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My father, Reg Wesson, died on November 27th of this year. He was 84, and had not been well for the past year. He was admitted to hospital in mid-November, and I flew back to Toronto to be with him and my family. We spent a week together before he passed away.

It is, I will admit, something that I had been both expecting and dreading since I moved to the UK. Moving overseas with an octogenarian parent, I knew at some point I would get that call. As much as you want to pause the hands of time while you are on the road, they keep ticking back home. I most feared a call saying he had died. Every time I spoke to Dad on the phone, I knew that the goodbyes we said before we hung up could have been the last. I was thankful that the call I got allowed me to get back to Canada and say my goodbye in person.

I count myself lucky on two counts, one that I was able to make it home in time to spend some time with my father before he passed, and also that he passed peacefully, without any prolonged suffering.

Me and Dad in 2011 in Florence

Me and Dad in 2011 in Florence

After my father passed, I stayed in Canada for a few more days for the burial and the “Celebration of Life” for Dad.

My dad didn’t want a funeral or a memorial service. “I’ve been to too many god-damn funerals,” he said. “I want a party.” So we planned a celebration, with music and wine and laughter. It was tinged with sadness, of course, but mostly was a great opportunity for people to get together and share memories of my dad.

Despite not wanting a memorial service, we did have a few parts that were memorial-service-like. One such piece was speeches. People wanted to get up and share, either through reciting a poem, singing a song or sharing a favourite anecdote.

I played emcee, and shared a few memories I had of my Dad. I wanted to share some big, life affirming story, but couldn’t really think of anything, so told everyone about the little parts of life I remembered with him. Most of them revolved around trains, actually, which I hope goes some way to explain the recent train nerdiness I have exhibited in the blog. It is (a tribute to / the fault of) my father (pick whichever one you feel best describes your feeling towards the train blogs).

My sister Jen spoke last, and I was struck by what she said. I paraphrase her here, because (true to my father’s spirit) she spoke without notes and I wasn’t taking a transcript. She said that when she was younger she wouldn’t have described Dad as a brave man. He didn’t especially like heights, and dealt with pain much in the same way I do, by feeling faint and nauseated. He didn’t partake in a lot of physical sports.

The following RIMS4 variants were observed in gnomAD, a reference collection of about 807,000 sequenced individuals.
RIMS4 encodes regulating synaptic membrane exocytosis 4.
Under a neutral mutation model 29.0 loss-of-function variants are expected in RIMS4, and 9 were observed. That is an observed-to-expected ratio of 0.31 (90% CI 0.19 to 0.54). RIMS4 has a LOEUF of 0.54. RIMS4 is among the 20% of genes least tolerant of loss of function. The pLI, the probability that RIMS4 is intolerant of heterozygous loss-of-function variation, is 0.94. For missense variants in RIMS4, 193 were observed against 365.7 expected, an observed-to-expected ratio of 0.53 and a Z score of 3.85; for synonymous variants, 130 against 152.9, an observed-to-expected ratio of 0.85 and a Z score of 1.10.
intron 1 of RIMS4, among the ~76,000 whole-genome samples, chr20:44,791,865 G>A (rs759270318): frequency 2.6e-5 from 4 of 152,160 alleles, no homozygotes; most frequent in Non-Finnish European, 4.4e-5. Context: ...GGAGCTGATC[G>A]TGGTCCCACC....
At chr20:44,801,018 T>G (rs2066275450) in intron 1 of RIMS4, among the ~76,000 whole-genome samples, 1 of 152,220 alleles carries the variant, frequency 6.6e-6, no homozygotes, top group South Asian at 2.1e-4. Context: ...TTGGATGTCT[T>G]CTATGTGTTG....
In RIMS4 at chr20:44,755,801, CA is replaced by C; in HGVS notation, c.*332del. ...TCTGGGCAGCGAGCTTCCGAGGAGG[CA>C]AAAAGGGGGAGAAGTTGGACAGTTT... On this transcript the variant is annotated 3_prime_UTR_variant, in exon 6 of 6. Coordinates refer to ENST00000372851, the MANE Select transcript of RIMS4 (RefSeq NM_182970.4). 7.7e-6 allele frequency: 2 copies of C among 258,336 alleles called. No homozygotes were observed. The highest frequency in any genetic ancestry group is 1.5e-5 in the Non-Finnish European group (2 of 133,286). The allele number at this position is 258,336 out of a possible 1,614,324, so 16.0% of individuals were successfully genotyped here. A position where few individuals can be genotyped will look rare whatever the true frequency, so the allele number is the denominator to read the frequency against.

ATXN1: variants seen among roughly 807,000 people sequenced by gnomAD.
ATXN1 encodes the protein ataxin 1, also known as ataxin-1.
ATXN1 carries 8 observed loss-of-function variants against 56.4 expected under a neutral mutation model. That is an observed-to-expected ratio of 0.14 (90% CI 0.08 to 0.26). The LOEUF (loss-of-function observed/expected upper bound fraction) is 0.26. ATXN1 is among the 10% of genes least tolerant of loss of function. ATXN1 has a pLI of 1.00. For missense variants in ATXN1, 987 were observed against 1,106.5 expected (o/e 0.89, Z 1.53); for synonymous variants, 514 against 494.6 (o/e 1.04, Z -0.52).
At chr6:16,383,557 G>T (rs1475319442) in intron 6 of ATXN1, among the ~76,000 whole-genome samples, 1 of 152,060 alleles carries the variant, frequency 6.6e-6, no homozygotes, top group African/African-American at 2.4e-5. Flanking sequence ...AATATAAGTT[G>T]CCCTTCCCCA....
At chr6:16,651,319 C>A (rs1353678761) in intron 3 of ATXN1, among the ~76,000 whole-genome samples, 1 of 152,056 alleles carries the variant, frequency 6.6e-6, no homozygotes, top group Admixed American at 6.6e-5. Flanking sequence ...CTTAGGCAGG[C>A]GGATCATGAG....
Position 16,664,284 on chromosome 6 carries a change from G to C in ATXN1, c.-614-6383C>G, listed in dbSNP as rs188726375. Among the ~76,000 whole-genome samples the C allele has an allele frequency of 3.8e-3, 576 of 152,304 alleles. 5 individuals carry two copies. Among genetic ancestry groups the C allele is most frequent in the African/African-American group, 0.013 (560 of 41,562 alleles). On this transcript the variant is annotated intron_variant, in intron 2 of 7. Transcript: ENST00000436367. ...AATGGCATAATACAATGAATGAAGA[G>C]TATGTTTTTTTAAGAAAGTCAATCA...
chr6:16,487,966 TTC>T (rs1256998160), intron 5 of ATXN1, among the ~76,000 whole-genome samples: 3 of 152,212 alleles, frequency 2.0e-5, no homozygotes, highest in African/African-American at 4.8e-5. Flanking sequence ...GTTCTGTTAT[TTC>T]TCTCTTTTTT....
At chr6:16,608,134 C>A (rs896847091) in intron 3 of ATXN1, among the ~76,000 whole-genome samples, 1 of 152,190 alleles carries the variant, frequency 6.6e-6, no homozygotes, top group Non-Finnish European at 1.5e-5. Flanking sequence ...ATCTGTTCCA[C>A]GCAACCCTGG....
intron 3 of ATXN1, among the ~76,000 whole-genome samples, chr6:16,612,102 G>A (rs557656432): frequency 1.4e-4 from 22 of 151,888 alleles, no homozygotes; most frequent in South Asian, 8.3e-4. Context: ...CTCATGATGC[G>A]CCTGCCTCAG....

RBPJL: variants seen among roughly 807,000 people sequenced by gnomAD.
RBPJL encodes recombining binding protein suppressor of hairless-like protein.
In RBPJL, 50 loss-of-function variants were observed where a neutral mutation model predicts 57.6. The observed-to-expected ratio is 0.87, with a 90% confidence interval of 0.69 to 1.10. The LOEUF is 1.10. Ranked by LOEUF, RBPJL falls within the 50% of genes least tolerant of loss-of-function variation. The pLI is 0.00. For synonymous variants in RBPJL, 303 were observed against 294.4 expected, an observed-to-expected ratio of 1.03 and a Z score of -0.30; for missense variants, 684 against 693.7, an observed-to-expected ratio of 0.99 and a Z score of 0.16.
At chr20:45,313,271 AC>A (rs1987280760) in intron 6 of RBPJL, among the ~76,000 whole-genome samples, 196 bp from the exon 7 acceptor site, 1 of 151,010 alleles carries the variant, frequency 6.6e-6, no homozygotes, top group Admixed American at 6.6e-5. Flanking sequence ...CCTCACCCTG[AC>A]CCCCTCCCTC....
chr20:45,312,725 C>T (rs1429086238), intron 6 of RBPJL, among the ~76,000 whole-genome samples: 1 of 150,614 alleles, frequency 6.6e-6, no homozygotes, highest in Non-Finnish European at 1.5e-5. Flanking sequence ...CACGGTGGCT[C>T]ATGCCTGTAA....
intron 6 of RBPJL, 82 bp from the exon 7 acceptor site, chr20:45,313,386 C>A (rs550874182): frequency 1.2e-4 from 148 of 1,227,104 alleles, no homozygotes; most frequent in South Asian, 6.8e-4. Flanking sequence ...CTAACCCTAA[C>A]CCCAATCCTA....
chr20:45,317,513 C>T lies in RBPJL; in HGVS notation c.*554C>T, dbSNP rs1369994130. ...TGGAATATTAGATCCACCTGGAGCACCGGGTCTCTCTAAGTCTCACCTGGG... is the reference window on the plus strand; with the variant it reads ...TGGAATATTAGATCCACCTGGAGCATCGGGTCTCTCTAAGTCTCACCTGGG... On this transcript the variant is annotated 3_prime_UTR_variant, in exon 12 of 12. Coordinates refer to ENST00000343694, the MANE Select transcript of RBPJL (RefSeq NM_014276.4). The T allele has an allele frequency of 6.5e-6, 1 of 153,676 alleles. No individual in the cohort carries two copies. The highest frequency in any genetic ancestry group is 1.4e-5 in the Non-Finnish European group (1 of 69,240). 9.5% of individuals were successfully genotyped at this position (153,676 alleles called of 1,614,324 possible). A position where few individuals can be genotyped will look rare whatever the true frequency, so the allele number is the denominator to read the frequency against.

Yet as she looked back recently on Dad’s life, she realised her analysis was wrong. As a young man, Dad gave up the safe option of working for his father’s business as he really wanted to work in a bank. Having never been involved in auto racing, he applied on a whim to be part of the Oakville-Trafalgar Light Car Club and took up rallying. Later, he wound up a part of the Canadian Racing Driver’s Association, running Grand Prix and other racing events in Canada. After moving to Burlington, nestled at the edge of Lake Ontario, Dad went out for a walk one day, down to the local yacht club, and though he didn’t have a boat or knew anyone in the club, he joined.

He was a real “give it a go” kind of guy. He was constantly finding new interests, and on finding that interest, he pursued them. He didn’t let the weight of opinion of others influence him, nor the fact he was venturing as an unknown into an area he knew nothing about. He just did it. And in doing so, thrived. For every new club, organisation, interest or career he tried, he became an invaluable part of the group. Often acting as treasurer for groups, or working his way up into the executive. He would immerse himself in his new circle, making new friends, bringing in old friends to his new group, becoming a key part of the social circle.

My dad may not have been physically brave, but he was a brave spirit, willing to put himself out into a new world he didn’t know, and give it a try.

As my sister said this, and I remembered my big, life affirming story about Dad.

It was when I was between high school and university. While in high school I had worked as a waiter at our local Pizza Hut. I was pretty good at it, and saving a good bit of money for university. As summer approached, I decided I was a bit too good for Pizza Hut, and should be working at a more upscale restaurant. So I quit my job without another one lined up. “I’ll quickly find a new job,” I said, confident in my skills.